"My dear Miss Emmy:—Here's hoping you'll live to be a comfort to your honored father, and your honored mother, and my dear honored master, and yourself, and Madam Wilson." The steward paused to clear his voice, and profited by the delay to cast his eye round the table to collect the names; "and Mr. John Moseley, and sweet Mrs. Moseley, and pretty Miss Jane" (Peter had lived too long in the world to compliment one handsome woman in the presence of another, without the qualifying his speech a little); "and Mr. Lord Denbigh—earl like, as they say he now is, and"—Peter stopped a moment to deliberate, and then making another reference, he put the glass to his lips; but before he had got half through its contents, recollected himself, and replenishing it to the brim, with a smile acknowledging his forgetfulness, continued, "and the Rev. Mr. Francis Ives, and the Rev. Mrs. Francis Ives."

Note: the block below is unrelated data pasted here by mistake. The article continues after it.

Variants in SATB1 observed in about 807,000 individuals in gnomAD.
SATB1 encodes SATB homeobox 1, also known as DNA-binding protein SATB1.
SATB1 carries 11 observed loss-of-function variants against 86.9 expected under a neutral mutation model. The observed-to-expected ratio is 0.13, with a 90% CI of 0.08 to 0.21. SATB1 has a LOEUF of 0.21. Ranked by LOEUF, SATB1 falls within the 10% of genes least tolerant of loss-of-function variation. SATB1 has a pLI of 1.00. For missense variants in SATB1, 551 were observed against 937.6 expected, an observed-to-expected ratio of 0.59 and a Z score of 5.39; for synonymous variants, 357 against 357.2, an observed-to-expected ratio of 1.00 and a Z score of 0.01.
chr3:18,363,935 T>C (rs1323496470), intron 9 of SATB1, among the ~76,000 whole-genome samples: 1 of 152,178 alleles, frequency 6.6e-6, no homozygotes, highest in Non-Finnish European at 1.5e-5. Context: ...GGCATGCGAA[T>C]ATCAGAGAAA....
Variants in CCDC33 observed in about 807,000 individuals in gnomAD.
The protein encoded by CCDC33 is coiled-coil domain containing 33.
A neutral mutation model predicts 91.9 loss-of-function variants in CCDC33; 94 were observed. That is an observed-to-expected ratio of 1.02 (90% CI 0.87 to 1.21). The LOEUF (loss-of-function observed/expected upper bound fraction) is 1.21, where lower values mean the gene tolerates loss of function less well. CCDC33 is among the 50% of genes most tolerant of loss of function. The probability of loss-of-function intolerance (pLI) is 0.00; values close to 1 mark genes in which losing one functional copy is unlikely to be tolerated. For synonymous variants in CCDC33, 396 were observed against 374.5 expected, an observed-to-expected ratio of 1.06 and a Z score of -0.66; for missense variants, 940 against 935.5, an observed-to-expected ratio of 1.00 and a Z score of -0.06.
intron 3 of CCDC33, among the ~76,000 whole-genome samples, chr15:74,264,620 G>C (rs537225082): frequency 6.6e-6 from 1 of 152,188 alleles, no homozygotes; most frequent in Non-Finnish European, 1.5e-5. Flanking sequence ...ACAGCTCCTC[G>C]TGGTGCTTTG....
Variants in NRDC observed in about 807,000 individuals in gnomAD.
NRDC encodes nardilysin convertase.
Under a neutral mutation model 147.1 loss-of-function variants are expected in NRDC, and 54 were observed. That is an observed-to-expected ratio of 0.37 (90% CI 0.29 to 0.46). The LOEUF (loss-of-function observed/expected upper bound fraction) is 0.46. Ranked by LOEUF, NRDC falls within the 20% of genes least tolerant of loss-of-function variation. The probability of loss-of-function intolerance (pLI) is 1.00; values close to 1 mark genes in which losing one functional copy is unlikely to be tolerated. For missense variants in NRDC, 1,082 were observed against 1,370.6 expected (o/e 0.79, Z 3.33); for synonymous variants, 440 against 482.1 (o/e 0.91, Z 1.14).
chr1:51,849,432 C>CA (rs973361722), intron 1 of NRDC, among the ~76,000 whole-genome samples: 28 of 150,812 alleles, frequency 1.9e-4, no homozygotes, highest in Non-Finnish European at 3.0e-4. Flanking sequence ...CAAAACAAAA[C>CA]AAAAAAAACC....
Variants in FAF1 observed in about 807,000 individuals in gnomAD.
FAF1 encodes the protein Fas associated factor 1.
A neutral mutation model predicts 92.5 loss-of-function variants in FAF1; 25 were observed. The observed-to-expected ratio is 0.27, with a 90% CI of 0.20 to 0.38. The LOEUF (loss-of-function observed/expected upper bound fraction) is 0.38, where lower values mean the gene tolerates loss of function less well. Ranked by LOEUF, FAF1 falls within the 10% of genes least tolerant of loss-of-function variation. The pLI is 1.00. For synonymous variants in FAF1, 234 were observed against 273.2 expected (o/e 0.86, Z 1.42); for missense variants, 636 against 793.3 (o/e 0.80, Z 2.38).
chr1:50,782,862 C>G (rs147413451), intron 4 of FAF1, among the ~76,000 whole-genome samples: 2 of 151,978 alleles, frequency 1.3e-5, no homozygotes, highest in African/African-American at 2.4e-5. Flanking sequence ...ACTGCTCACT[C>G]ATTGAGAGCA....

Here the unrestrained laugh of John interrupted him; and considering with himself that he had included the whole family, he finished his bumper. Whether it was pleasure at his own eloquence in venturing on so long a speech, or the unusual allowance, that affected the steward, he was evidently much satisfied with himself, and stepped back behind his master's chair, in great good humor.
Emily, as she thanked him, noticed a tear in the eye of the old man, as he concluded his oration, that would have excused a thousand breaches of fastidious ceremony. But Pendennyss rose from his seat, and took him kindly by the hand, and returned his own thanks for his good wishes.
"I owe you much good will, Mr. Johnson, for, your two journeys in my behalf, and trust I never shall forget the manner in which you executed your last mission in particular. We are friends, I trust, for life."
"Thank you—thank your honor's lordship," said the steward, almost unable to utter; "I hope you may live long, to make dear little Miss Emmy as happy—as I know she ought to be."